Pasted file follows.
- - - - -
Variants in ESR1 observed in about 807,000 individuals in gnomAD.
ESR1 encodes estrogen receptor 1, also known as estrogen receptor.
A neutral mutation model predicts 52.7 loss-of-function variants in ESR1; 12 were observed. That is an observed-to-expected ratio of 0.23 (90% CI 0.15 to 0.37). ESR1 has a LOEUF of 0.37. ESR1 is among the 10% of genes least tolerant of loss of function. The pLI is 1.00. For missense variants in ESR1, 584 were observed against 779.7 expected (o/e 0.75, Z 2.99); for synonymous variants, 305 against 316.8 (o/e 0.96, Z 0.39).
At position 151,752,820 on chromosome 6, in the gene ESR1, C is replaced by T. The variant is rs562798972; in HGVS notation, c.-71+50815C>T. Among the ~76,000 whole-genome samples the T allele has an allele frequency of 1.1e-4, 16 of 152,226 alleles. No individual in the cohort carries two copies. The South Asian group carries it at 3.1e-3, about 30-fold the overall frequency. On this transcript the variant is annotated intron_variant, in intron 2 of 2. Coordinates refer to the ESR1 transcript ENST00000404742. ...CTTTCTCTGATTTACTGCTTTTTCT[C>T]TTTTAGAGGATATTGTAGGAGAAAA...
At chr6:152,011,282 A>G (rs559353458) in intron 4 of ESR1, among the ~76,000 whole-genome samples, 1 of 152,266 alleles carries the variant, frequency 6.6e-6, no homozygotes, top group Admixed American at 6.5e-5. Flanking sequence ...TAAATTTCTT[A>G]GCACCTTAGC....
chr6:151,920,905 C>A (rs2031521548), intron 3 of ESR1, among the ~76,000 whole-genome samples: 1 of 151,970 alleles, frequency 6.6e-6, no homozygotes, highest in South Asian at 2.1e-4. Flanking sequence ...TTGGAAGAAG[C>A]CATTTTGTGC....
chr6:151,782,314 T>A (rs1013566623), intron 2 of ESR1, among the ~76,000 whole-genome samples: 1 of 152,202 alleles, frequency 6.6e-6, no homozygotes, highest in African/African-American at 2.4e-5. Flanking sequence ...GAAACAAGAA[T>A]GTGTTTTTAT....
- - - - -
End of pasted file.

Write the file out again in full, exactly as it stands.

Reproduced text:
Variants in ESR1 observed in about 807,000 individuals in gnomAD.
ESR1 encodes estrogen receptor 1, also known as estrogen receptor.
A neutral mutation model predicts 52.7 loss-of-function variants in ESR1; 12 were observed. That is an observed-to-expected ratio of 0.23 (90% CI 0.15 to 0.37). ESR1 has a LOEUF of 0.37. ESR1 is among the 10% of genes least tolerant of loss of function. The pLI is 1.00. For missense variants in ESR1, 584 were observed against 779.7 expected (o/e 0.75, Z 2.99); for synonymous variants, 305 against 316.8 (o/e 0.96, Z 0.39).
At position 151,752,820 on chromosome 6, in the gene ESR1, C is replaced by T. The variant is rs562798972; in HGVS notation, c.-71+50815C>T. Among the ~76,000 whole-genome samples the T allele has an allele frequency of 1.1e-4, 16 of 152,226 alleles. No individual in the cohort carries two copies. The South Asian group carries it at 3.1e-3, about 30-fold the overall frequency. On this transcript the variant is annotated intron_variant, in intron 2 of 2. Coordinates refer to the ESR1 transcript ENST00000404742. ...CTTTCTCTGATTTACTGCTTTTTCT[C>T]TTTTAGAGGATATTGTAGGAGAAAA...
At chr6:152,011,282 A>G (rs559353458) in intron 4 of ESR1, among the ~76,000 whole-genome samples, 1 of 152,266 alleles carries the variant, frequency 6.6e-6, no homozygotes, top group Admixed American at 6.5e-5. Flanking sequence ...TAAATTTCTT[A>G]GCACCTTAGC....
chr6:151,920,905 C>A (rs2031521548), intron 3 of ESR1, among the ~76,000 whole-genome samples: 1 of 151,970 alleles, frequency 6.6e-6, no homozygotes, highest in South Asian at 2.1e-4. Flanking sequence ...TTGGAAGAAG[C>A]CATTTTGTGC....
chr6:151,782,314 T>A (rs1013566623), intron 2 of ESR1, among the ~76,000 whole-genome samples: 1 of 152,202 alleles, frequency 6.6e-6, no homozygotes, highest in African/African-American at 2.4e-5. Flanking sequence ...GAAACAAGAA[T>A]GTGTTTTTAT....